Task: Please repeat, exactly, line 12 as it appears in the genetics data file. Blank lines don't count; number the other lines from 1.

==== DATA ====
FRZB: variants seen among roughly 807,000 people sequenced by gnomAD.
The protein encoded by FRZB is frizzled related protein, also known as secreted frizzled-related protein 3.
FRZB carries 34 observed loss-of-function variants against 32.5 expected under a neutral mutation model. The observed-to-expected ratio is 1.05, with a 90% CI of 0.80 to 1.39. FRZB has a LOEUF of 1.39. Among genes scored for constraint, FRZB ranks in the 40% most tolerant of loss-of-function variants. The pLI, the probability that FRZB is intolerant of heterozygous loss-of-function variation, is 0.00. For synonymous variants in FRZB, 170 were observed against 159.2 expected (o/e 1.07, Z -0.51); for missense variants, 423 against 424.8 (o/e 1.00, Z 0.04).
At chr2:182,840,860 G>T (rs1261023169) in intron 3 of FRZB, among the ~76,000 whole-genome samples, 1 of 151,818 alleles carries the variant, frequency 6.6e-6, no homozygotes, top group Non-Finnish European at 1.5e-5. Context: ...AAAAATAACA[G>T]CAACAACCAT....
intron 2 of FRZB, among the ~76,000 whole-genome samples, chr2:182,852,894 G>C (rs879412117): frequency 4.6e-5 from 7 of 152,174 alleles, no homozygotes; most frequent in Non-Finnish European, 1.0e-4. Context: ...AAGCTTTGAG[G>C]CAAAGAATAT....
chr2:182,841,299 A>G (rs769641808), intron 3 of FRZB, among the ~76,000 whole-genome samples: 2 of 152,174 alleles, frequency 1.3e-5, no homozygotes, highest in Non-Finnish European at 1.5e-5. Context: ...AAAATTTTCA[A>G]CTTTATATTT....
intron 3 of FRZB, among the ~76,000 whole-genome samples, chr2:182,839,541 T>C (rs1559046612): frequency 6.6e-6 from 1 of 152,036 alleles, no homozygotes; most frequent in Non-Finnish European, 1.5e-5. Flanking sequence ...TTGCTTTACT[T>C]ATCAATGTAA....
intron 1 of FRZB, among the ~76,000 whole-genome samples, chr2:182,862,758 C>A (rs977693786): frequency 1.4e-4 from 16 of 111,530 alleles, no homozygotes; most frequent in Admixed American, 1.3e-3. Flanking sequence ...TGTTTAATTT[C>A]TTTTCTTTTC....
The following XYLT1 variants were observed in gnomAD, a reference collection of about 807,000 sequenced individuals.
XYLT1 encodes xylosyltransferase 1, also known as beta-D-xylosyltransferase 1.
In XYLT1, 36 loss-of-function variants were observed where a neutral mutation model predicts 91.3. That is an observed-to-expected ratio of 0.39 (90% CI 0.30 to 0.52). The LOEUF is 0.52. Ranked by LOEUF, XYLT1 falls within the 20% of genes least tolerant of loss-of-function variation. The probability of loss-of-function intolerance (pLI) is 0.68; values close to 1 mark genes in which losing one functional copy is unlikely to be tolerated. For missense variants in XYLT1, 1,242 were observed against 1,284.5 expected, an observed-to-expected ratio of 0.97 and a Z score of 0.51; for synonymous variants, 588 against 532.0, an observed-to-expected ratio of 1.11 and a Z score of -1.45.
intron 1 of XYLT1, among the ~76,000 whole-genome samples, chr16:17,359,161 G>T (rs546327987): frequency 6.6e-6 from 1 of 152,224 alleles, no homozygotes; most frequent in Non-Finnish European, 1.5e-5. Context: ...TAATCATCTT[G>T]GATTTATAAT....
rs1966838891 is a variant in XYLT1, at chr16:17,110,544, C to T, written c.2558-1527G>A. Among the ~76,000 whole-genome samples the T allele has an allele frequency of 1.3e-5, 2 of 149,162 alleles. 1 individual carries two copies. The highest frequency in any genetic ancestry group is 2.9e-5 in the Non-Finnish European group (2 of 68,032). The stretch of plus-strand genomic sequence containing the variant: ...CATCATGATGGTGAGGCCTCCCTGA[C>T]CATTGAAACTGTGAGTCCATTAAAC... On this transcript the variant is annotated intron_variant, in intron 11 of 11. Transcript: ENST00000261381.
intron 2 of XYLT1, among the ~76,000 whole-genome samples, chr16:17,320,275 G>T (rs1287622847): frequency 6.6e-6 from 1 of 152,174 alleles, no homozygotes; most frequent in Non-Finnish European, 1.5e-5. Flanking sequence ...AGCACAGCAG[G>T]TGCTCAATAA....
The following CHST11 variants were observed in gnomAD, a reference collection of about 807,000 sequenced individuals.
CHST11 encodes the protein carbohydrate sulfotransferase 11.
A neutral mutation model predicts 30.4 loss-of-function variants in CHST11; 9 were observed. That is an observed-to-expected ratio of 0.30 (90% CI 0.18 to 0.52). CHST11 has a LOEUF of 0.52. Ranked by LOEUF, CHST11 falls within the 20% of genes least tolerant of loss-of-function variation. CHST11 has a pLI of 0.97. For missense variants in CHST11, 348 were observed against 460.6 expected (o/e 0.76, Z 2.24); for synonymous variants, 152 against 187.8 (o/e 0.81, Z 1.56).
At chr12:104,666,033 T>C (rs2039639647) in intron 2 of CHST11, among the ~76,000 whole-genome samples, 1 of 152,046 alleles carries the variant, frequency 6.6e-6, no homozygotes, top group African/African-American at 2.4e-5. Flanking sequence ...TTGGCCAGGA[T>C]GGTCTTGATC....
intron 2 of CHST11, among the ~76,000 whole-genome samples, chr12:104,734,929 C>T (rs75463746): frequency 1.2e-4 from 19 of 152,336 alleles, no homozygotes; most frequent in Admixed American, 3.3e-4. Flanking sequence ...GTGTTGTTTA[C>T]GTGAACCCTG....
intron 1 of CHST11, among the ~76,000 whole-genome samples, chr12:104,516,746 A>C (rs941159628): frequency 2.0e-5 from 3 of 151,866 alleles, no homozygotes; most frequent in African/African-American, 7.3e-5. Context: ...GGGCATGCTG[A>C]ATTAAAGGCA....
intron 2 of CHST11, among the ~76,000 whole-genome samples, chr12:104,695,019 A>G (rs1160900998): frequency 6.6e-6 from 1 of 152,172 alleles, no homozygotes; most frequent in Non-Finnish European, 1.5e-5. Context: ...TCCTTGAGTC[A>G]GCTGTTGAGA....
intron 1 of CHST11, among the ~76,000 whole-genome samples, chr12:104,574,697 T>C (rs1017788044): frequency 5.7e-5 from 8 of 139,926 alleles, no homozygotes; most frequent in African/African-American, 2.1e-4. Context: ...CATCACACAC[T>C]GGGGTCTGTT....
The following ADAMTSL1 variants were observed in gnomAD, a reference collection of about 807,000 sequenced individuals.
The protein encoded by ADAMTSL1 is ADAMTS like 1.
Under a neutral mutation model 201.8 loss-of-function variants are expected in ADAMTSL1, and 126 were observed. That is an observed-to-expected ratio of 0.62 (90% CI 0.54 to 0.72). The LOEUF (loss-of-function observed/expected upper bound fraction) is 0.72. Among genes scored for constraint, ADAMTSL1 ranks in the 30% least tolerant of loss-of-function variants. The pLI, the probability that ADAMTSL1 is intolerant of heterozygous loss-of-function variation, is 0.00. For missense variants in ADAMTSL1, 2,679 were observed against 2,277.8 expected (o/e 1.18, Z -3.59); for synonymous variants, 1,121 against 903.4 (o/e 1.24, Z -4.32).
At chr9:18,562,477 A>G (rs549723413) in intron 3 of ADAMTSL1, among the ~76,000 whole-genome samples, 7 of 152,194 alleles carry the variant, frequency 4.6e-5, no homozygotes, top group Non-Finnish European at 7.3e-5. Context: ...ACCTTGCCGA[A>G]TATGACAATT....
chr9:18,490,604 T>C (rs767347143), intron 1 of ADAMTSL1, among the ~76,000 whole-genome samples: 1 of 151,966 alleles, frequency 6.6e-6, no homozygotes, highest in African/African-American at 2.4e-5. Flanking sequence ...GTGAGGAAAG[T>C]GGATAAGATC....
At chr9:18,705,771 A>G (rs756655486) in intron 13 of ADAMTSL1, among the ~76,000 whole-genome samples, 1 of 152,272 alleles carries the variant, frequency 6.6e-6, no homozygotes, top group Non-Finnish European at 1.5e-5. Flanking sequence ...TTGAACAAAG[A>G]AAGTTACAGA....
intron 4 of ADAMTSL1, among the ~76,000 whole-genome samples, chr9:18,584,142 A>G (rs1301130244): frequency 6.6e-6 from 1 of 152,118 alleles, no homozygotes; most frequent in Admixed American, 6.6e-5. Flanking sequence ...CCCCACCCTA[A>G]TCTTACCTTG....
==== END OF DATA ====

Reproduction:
intron 1 of XYLT1, among the ~76,000 whole-genome samples, chr16:17,359,161 G>T (rs546327987): frequency 6.6e-6 from 1 of 152,224 alleles, no homozygotes; most frequent in Non-Finnish European, 1.5e-5. Context: ...TAATCATCTT[G>T]GATTTATAAT....